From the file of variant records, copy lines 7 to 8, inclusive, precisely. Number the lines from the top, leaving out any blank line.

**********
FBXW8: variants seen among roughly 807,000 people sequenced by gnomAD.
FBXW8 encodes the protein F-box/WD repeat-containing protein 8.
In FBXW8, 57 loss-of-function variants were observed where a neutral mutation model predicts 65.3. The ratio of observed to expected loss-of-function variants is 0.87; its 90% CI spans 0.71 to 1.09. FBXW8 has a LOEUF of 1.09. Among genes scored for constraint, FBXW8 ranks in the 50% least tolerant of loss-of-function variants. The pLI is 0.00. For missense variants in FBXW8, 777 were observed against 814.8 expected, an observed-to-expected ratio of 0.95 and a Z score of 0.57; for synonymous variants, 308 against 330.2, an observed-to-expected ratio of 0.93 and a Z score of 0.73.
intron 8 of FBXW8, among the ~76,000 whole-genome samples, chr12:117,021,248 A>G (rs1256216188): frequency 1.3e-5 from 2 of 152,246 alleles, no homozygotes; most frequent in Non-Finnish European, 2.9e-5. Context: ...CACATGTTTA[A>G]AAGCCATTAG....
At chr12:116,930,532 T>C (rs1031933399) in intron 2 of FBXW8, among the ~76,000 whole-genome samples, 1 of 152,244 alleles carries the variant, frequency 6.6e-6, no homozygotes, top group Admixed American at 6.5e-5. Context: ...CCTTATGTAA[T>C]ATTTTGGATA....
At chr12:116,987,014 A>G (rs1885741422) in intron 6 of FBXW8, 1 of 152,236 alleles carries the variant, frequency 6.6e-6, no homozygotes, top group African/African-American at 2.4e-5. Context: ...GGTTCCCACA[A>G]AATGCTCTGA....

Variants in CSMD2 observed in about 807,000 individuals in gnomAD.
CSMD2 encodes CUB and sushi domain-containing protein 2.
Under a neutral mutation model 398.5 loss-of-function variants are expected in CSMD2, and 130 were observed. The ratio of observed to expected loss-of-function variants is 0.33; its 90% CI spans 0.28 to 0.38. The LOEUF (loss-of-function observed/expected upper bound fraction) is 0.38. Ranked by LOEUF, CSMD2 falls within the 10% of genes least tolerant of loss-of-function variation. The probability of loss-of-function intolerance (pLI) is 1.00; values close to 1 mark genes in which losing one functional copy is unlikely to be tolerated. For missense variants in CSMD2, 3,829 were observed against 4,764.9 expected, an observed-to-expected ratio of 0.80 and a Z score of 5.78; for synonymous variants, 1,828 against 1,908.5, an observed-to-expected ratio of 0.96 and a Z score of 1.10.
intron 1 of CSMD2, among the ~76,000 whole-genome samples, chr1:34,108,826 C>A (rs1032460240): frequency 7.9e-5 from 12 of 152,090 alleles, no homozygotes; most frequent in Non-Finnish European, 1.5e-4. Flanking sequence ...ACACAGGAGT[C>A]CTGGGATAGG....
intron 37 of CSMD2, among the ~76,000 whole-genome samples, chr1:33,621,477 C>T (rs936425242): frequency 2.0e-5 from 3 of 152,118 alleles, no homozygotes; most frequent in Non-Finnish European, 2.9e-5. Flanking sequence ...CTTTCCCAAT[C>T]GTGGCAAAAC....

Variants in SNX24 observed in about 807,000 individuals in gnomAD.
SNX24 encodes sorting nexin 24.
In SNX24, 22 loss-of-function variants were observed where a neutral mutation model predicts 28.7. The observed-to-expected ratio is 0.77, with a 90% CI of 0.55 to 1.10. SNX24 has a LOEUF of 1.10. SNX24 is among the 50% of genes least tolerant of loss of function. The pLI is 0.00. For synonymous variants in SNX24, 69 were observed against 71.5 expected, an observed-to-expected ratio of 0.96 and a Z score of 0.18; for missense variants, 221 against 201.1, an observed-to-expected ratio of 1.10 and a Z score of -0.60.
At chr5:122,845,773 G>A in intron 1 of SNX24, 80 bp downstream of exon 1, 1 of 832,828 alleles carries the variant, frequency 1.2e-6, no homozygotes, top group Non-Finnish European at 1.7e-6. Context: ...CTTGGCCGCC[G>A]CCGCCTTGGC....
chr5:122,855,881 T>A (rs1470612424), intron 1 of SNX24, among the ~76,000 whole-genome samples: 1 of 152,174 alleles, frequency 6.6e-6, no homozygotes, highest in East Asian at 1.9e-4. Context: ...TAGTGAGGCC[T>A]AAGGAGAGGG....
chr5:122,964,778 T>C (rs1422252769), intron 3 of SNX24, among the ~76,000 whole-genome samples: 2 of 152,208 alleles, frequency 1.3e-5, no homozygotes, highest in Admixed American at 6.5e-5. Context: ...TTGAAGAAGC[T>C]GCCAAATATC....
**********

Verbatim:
Variants in CSMD2 observed in about 807,000 individuals in gnomAD.
CSMD2 encodes CUB and sushi domain-containing protein 2.